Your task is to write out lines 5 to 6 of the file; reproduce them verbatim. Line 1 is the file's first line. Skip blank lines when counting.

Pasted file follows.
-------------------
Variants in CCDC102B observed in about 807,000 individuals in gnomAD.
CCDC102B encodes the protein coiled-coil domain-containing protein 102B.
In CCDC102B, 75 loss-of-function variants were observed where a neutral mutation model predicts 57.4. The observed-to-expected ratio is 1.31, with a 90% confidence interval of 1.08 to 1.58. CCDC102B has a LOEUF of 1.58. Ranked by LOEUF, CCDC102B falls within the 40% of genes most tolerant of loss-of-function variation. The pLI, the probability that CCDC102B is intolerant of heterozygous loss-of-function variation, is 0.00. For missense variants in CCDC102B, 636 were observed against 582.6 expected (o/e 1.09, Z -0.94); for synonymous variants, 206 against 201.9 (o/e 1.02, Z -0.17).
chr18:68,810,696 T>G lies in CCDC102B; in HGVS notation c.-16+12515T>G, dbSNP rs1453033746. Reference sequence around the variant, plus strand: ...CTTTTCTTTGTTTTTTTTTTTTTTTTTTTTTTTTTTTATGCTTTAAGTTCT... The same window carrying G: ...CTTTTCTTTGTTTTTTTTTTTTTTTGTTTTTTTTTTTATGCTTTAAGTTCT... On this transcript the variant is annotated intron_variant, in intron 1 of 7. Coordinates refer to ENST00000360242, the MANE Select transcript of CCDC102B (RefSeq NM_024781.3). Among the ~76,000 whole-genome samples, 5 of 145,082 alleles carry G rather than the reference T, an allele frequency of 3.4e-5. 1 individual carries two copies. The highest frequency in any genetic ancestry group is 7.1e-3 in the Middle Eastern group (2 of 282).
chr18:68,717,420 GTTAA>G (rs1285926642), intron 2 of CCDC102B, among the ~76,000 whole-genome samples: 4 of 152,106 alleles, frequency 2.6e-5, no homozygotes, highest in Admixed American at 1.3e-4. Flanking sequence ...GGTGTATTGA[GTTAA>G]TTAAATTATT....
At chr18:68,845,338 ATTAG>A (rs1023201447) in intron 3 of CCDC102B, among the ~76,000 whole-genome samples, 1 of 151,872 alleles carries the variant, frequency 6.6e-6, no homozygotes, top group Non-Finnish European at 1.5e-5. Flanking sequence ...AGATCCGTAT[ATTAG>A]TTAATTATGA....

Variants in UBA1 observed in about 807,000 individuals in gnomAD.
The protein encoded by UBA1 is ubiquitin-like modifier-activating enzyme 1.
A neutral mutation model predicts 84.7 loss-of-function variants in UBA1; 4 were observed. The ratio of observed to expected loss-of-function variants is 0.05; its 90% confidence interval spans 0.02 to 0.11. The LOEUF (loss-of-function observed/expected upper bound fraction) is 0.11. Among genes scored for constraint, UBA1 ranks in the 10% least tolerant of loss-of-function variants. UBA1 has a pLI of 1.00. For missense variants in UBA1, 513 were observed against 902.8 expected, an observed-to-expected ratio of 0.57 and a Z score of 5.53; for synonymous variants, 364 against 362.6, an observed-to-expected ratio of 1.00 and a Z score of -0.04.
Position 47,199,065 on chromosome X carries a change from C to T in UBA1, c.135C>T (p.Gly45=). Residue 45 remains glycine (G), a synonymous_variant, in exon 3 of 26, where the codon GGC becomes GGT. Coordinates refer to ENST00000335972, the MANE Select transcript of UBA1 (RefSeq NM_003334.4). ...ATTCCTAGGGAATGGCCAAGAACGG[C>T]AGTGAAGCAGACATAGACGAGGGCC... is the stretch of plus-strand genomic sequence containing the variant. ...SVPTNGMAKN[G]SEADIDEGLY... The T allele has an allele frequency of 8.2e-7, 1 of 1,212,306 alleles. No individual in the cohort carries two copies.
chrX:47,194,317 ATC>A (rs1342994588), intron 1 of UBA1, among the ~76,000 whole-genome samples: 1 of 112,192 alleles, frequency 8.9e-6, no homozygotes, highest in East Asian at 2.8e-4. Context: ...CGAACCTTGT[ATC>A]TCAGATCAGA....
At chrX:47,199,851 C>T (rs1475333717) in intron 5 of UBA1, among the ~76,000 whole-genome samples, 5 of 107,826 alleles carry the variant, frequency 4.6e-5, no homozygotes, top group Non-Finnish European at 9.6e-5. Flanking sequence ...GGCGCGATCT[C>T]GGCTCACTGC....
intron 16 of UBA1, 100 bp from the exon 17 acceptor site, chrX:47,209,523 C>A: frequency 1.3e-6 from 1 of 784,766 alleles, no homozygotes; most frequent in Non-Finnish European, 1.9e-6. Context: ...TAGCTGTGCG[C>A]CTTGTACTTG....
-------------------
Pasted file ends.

chr18:68,717,420 GTTAA>G (rs1285926642), intron 2 of CCDC102B, among the ~76,000 whole-genome samples: 4 of 152,106 alleles, frequency 2.6e-5, no homozygotes, highest in Admixed American at 1.3e-4. Flanking sequence ...GGTGTATTGA[GTTAA>G]TTAAATTATT....
At chr18:68,845,338 ATTAG>A (rs1023201447) in intron 3 of CCDC102B, among the ~76,000 whole-genome samples, 1 of 151,872 alleles carries the variant, frequency 6.6e-6, no homozygotes, top group Non-Finnish European at 1.5e-5. Flanking sequence ...AGATCCGTAT[ATTAG>A]TTAATTATGA....